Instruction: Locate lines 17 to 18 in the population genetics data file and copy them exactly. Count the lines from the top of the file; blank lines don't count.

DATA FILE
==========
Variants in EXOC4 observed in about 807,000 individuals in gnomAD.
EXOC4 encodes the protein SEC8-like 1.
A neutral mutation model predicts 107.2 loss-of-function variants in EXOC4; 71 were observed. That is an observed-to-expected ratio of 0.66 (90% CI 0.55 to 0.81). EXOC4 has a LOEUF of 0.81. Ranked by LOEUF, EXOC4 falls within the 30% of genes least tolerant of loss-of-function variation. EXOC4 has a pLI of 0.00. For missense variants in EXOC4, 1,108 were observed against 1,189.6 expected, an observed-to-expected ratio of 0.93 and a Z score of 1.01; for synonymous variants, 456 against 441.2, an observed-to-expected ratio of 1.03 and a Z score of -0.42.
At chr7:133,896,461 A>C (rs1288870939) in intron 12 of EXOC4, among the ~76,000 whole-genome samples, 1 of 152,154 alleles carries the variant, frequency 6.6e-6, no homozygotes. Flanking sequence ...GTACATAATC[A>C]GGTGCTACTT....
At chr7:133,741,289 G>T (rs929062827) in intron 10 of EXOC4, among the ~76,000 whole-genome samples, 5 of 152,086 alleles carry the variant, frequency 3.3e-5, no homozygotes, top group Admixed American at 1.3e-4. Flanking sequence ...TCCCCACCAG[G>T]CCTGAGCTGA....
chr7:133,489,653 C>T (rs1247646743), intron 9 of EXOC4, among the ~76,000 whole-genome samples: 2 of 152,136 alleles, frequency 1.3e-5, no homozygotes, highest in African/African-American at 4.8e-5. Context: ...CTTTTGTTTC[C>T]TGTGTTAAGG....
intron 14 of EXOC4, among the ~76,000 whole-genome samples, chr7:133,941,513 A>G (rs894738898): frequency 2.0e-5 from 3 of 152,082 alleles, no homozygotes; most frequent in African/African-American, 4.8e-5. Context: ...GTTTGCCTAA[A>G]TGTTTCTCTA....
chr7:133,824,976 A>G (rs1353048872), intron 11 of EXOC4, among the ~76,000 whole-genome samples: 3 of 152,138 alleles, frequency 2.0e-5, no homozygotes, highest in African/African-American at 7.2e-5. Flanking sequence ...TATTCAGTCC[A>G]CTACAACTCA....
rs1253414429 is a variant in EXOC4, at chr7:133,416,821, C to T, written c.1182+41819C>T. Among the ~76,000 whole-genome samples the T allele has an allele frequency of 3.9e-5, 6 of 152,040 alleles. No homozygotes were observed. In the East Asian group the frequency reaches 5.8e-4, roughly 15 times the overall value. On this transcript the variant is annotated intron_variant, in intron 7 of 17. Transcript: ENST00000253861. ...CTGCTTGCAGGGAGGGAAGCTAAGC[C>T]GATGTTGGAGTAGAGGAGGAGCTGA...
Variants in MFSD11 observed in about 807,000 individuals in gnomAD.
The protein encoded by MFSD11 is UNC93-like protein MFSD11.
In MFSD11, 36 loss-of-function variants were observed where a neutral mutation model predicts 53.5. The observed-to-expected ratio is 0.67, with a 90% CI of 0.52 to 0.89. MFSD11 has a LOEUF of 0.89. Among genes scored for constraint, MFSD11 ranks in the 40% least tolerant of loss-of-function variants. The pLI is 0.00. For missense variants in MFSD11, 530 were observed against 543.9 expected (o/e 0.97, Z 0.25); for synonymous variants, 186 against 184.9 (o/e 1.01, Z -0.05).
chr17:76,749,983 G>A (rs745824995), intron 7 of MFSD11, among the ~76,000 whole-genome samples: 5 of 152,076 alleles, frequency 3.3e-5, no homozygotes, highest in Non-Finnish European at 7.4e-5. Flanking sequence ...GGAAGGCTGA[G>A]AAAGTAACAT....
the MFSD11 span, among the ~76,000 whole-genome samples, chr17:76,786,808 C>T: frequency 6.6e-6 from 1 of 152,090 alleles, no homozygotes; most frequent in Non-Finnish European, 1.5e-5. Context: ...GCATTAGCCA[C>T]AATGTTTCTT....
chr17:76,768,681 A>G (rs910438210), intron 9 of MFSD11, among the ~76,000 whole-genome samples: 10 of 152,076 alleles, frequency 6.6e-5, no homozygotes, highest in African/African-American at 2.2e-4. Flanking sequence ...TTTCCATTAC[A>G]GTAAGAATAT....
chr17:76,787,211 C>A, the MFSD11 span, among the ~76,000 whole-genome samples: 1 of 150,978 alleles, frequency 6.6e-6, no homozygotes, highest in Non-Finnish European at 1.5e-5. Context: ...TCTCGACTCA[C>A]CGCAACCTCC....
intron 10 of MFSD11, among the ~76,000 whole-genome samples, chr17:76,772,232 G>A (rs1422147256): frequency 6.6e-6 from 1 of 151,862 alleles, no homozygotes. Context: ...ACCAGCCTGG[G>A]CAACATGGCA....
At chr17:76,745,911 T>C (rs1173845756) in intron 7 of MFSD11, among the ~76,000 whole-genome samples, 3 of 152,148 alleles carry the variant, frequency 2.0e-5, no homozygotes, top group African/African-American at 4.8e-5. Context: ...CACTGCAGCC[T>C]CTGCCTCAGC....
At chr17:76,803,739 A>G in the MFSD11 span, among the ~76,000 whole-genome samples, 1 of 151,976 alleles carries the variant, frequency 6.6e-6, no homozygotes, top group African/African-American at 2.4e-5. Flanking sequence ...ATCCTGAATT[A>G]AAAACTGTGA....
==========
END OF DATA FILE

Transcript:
intron 10 of MFSD11, among the ~76,000 whole-genome samples, chr17:76,772,232 G>A (rs1422147256): frequency 6.6e-6 from 1 of 151,862 alleles, no homozygotes. Context: ...ACCAGCCTGG[G>A]CAACATGGCA....
At chr17:76,745,911 T>C (rs1173845756) in intron 7 of MFSD11, among the ~76,000 whole-genome samples, 3 of 152,148 alleles carry the variant, frequency 2.0e-5, no homozygotes, top group African/African-American at 4.8e-5. Context: ...CACTGCAGCC[T>C]CTGCCTCAGC....